Backgrounds: a Place to Start

A background is so easy to ignore, and yet it’s the room in which your pictures live. Here are a few ideas for decorating your photos’ room…

COLOR ASSOCIATION: We often associate pastels with weddings and babies, contrasting color with birthdays, muted color with memorials, greens and browns with nature, and warm colors with summer. None of these associations forms a rule, however. One of the more attractive wedding shows I’ve seen used red as the accent color, but the color wasn’t chosen randomly. The wedding’s theme was white and red.

USING COLOR WITH B&W: The common background choice is either black or white, but other colors can enhance monochrome photos. Those colors are deep ones such as forest green or maroon. A trick: Imagine whether or not you’d wear a specific color with light-gray slacks, and then reject those you wouldn’t. (Don’t use this method if you insist on wearing tan shirts with gray slacks.)

COLOR MATCHING: Pick a predominant color in the show’s photographs, perhaps darkening or lightening it.

TEXTURE: White satin for weddings, sand for a seashore vacations, old linen or paper for heritage shows, and crepe paper or bubbles for a birthday party…these are what come immediately to mind, but there are so many textures to choose from. Just make sure the texture doesn’t leap off the screen, making the photos run screaming for their lives.

LAYERS: It’s perfectly kosher to have multi-colored backgrounds, though it’s probably best to keep contrast low so the background doesn’t fight with the photos for attention. For instance, if you’re showing pictures from a hike in the mountains, fill the screen with deep brown, placing a large rectangle of mossy green on top. The green rectangle can form a mat for the photos. Don’t forget that things need not be centered and that they often look better when they’re not. Offset the rectangle, offset the photos, or better yet, offset both.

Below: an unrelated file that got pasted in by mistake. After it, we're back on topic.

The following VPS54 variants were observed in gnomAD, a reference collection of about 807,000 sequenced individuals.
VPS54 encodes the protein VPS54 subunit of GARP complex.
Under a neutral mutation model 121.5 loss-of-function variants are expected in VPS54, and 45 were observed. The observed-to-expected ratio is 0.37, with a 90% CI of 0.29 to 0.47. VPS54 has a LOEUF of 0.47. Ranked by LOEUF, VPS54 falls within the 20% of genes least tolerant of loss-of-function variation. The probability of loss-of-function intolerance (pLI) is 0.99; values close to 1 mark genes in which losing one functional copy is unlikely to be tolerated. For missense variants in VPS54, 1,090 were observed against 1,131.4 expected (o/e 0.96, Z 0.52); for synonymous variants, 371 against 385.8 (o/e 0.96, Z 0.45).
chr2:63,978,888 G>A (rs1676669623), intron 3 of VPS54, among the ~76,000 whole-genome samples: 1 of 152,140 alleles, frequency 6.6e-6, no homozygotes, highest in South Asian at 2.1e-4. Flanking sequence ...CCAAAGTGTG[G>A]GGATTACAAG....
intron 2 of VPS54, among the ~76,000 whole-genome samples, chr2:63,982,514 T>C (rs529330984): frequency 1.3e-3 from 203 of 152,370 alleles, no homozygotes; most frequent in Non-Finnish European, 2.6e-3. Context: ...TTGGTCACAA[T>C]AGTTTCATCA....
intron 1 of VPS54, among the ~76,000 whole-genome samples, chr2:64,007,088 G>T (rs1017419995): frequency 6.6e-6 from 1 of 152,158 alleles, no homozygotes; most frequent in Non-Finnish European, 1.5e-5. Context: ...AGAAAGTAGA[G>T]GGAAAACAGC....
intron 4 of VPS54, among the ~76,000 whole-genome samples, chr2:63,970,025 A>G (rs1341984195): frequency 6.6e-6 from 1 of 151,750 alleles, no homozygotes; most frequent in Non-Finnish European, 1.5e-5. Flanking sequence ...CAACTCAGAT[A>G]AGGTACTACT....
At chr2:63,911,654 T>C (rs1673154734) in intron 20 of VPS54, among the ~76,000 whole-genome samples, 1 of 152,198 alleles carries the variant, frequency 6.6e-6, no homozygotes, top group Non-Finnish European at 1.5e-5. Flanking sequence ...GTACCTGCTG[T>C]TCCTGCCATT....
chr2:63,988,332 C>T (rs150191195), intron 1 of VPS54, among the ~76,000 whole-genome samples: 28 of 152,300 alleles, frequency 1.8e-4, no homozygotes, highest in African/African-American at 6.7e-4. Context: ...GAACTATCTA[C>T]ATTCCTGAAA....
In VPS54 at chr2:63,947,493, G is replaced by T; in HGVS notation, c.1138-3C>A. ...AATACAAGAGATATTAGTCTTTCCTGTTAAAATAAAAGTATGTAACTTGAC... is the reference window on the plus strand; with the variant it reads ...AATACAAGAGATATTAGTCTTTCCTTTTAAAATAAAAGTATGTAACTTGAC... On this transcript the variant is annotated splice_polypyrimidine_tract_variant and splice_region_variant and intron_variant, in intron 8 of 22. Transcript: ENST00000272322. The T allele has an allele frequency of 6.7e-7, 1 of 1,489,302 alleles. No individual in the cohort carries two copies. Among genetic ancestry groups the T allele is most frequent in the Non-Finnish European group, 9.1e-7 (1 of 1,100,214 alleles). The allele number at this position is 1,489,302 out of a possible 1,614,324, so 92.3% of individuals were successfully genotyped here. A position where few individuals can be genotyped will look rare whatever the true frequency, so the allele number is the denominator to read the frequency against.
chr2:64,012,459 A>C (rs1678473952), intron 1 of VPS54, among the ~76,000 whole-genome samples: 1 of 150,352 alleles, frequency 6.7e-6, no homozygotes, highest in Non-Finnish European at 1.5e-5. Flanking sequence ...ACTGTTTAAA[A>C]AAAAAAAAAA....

PATTERN: Anything you can scan into the computer such as wallpaper or gift wrap is fodder for the background mill, but keep in mind that the background’s job is to make your pictures look good. If there’s a pattern you really like and that suits the theme of the show, consider using the pattern as a border instead of filling the screen with it. Your pictures will thank you.

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Published in: on April 20, 2010 at 4:13 pm  Comments Off on Backgrounds: a Place to Start  
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